Recent polls by two survey companies show that a majority of Estonians think the country’s prime minister, Kaja Kallas, should resign because of her husband’s business dealings with Russia; Kallas says she’s not planning to step down.
The poll, commissioned by Norstat, the Institute for Social Research, found that 57 per cent of respondents said “she should resign”, 31 per cent said “she should explain but could continue in her post”, seven per cent said “she should do nothing” and five per cent said “don’t know”.
Respondents were asked a question: “How do you think the prime minister Kaja Kallas should act in the light of the news in the last few days that a transport company linked to her husband has continued shipments to Russia since the start of the war in Ukraine?”.
While more than half of the respondents think that the prime minister should resign, the answers vary significantly depending on party preference.
Among supporters of opposition parties, an overwhelming majority think that a resignation would be necessary. This is the view of 96 per cent of the supporters of the Estonian Conservative People’s Party (also known as EKRE), 80 per cent of the Centre Party and 74 per cent of Isamaa.
Thirty-nine per cent of the Social Democrats supporters and 28 per cent of Estonia 200 supporters also say the prime minister should resign. However, just eight per cent Reform Party – the party Kallas leads and won the last general election with – supporters think the prime minister should resign. Seventy-one per cent of the Reform Party supporters say Kallas should give an explanation but could continue in office, and 19 per cent say she should do nothing about the scandal.
Norstat conducted the poll on 24-25 August in an online environment among Estonian citizens aged 18 and over, with a total of 1,000 respondents.
Another survey, conducted by Turu-uuringute AS, found that 48 per cent of the poll respondents said that Kallas should definitely resign, and 21 per cent said, “rather yes”. Just 14 per cent said, “rather no” and nine percent “definitely no”. Nine per cent also had no opinion.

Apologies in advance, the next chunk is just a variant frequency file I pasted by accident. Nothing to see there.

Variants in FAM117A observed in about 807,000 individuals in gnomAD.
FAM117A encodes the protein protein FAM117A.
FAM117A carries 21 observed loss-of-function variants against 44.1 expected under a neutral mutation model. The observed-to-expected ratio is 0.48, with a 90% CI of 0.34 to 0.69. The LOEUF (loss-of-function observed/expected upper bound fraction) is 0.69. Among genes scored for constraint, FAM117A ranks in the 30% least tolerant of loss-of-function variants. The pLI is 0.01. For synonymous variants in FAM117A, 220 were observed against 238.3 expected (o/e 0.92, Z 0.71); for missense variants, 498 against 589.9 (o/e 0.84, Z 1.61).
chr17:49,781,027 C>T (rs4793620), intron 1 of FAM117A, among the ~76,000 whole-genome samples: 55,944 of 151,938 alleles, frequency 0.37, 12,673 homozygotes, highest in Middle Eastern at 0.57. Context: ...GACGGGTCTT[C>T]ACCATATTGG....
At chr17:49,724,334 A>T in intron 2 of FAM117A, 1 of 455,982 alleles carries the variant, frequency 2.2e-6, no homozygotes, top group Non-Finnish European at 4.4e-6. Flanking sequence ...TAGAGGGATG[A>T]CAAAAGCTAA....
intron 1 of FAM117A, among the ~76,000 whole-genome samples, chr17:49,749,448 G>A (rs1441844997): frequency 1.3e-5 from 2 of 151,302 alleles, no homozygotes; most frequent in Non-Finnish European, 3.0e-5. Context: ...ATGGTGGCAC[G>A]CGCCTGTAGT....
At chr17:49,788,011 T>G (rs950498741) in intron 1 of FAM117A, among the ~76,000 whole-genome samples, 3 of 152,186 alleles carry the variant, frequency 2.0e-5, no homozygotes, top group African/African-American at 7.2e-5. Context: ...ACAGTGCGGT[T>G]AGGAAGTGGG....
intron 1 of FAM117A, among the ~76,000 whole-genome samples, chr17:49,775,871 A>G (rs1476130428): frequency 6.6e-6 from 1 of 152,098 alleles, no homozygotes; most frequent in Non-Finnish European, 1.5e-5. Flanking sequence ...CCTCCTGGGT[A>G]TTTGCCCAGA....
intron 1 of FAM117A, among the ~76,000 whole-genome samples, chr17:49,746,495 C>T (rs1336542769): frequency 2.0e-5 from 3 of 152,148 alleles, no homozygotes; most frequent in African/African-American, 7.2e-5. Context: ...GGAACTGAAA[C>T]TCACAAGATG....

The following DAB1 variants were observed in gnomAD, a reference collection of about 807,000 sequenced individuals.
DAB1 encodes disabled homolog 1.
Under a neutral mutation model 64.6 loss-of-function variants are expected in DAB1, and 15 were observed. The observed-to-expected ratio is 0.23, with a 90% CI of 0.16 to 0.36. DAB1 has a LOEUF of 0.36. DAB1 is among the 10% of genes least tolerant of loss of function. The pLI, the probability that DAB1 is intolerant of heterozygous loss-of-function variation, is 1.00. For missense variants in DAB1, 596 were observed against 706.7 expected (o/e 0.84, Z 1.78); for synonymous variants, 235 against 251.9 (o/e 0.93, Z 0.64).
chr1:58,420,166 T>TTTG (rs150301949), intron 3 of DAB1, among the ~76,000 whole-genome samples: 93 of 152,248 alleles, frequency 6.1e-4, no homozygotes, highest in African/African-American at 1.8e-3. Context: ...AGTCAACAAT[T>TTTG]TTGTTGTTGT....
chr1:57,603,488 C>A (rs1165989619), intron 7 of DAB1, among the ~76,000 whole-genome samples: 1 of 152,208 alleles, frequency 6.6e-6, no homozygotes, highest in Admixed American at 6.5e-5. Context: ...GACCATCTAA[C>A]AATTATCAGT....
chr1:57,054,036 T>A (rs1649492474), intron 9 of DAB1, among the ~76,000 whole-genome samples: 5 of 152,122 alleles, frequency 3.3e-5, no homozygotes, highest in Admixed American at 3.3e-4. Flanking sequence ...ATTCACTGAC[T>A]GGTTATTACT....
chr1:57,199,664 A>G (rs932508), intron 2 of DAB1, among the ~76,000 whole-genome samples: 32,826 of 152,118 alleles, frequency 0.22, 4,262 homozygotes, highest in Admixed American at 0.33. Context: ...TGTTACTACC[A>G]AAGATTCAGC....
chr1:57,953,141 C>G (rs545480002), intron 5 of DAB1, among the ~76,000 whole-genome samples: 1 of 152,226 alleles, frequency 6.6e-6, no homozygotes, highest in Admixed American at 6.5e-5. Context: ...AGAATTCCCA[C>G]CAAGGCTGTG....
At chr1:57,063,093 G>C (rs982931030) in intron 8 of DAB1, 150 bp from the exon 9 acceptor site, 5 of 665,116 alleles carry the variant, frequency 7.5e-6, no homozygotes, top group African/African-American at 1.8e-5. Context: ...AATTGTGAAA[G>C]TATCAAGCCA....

That poll found that among the Reform Party voters, 17 per cent want Kallas to resign, while among the Social Democrats supporters the same figure is 38 percent and among the Estonia 200 voters, 61 per cent. These three parties form the current governing coalition.
Kallas lent €370,000 to the company that has business interests in Russia
The Estonian Public Broadcasting reported on 23 August that Stark Logistics, a transport company partly owned by Kallas’s husband Arvo Hallik, has not ceased operations with Russia.
Kristjan Laag, the CEO of Stark Logistics, told the outlet that the company “had practically stopped transporting to Russia, but had not completely ceased operations”, adding that the “current few runs are the last loads”.
The company had continued shipments to Russia throughout the war in Ukraine that started on 24 February 2022. Publicly available records show that the firm partly owned by the prime minister’s husband has arranged shipments worth at least US$17 million to Russia during the war, the Estonian newspaper Eesti Päevaleht reported.
Ever since the war, Kallas has told the Estonian as well as the international media that “there must be no business with Russia”.
At a government press conference on 21 April 2022, Kallas spoke about the ban on Russian artists entering the country and expanded on the issue. “In war, everything is very black and white and clearly you must choose sides. Most businesses, event organisers and municipalities have a moral or ethical compass in place, so they don’t organise such events, they understand that,” she said.
The Estonian prime minister had a clear link to her husband’s business interests, since her declaration of economic interests, made public in June, revealed that she had lent €350,000 to Arvo Hallik’s company Novaria Consult that owns 24.8 per cent of Stark Logistics.
Kallas wrote to the Reform Party members on 23 August that she had lent another €20,000 to her husband’s company in June. At the government press conference on 24 August, she said that she had received both loans back.
Kallas said in an interview with the Estonian Public Broadcasting in the evening of 25 August that she isn’t planning to resign.
“I’m not going to resign, I’ve stood up for and I’m continuing to stand up for, as prime minister, for the freedom of Ukraine and for Estonia,” she said.